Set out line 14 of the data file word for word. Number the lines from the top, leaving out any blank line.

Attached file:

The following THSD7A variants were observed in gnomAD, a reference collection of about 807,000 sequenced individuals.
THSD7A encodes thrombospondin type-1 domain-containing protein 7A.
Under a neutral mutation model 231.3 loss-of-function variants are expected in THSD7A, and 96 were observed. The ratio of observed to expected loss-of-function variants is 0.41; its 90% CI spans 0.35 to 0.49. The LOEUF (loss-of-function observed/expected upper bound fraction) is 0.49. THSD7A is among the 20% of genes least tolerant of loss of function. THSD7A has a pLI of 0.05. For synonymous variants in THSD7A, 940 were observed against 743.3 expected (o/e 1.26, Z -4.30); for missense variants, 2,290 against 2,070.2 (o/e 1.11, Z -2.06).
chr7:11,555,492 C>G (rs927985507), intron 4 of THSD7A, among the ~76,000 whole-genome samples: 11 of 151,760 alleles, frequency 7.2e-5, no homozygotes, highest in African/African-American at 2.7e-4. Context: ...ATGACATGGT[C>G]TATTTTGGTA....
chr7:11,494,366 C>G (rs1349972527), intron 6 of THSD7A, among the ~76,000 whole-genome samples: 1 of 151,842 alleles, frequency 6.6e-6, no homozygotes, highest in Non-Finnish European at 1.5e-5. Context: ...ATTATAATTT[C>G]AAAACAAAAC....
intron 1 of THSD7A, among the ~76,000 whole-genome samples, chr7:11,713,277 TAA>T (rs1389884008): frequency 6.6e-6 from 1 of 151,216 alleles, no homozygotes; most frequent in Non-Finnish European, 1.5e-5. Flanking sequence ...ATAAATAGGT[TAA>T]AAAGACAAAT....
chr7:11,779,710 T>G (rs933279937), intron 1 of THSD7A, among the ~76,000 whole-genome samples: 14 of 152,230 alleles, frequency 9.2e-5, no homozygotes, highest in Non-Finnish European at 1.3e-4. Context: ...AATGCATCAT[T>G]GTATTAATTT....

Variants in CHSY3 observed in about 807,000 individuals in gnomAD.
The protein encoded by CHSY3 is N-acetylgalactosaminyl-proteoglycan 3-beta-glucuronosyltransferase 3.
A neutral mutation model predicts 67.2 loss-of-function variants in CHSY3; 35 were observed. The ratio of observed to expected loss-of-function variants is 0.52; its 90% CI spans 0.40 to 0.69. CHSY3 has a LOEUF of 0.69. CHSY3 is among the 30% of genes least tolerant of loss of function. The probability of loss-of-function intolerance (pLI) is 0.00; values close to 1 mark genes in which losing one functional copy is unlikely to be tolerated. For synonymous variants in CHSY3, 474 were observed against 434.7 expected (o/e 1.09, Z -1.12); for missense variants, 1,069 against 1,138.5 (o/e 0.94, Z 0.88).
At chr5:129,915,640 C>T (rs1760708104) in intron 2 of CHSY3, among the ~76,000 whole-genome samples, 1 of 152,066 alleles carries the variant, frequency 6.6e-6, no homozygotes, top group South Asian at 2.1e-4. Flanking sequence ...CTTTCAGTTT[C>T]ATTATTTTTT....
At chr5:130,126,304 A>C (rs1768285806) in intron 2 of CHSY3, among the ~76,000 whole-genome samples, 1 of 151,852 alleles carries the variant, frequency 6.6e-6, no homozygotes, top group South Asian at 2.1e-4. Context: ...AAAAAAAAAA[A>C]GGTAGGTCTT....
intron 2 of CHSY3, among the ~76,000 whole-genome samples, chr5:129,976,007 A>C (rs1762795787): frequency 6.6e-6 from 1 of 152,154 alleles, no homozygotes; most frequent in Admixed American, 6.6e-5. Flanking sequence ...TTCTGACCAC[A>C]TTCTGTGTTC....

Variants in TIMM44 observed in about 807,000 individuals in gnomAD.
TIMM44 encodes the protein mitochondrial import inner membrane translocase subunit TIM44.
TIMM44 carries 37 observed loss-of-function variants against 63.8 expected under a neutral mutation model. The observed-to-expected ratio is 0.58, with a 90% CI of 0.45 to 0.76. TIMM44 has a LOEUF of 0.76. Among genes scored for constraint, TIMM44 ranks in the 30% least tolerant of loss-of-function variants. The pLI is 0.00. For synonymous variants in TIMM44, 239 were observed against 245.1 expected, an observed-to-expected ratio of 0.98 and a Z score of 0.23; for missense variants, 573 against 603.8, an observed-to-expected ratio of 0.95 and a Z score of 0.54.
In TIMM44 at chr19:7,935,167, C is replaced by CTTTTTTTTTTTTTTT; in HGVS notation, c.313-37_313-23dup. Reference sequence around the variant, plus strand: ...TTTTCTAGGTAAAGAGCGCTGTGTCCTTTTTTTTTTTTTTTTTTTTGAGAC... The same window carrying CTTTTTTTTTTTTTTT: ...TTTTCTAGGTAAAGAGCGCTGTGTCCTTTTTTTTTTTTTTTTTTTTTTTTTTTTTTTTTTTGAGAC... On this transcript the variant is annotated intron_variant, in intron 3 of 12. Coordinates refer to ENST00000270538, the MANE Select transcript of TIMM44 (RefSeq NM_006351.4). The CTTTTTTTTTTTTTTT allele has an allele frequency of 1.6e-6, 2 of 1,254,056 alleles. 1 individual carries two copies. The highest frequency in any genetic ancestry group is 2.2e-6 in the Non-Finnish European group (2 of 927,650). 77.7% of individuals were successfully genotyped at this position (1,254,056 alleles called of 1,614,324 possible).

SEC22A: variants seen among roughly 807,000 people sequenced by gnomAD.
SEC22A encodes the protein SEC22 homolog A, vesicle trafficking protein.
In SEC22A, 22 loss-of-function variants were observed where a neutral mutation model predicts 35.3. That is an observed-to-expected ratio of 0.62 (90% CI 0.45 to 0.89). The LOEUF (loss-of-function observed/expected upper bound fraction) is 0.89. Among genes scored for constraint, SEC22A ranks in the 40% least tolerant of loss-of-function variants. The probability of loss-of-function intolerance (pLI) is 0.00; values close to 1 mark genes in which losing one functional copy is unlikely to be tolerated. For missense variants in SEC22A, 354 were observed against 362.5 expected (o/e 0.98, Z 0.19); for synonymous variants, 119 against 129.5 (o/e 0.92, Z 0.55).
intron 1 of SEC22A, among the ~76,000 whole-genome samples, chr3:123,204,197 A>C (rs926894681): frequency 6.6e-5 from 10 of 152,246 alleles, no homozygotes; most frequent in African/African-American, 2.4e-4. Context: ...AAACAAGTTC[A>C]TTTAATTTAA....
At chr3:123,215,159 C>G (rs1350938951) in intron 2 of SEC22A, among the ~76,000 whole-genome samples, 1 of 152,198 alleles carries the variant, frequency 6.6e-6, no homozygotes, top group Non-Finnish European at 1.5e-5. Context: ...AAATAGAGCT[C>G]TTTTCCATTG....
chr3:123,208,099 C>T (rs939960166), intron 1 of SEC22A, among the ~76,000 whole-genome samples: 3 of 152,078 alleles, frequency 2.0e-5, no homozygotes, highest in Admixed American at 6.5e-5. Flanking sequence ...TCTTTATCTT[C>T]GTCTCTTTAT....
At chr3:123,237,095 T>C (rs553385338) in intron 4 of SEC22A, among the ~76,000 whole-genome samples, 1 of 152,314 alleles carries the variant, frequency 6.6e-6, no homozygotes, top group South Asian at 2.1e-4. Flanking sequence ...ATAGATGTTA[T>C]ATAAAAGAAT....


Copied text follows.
Variants in TIMM44 observed in about 807,000 individuals in gnomAD.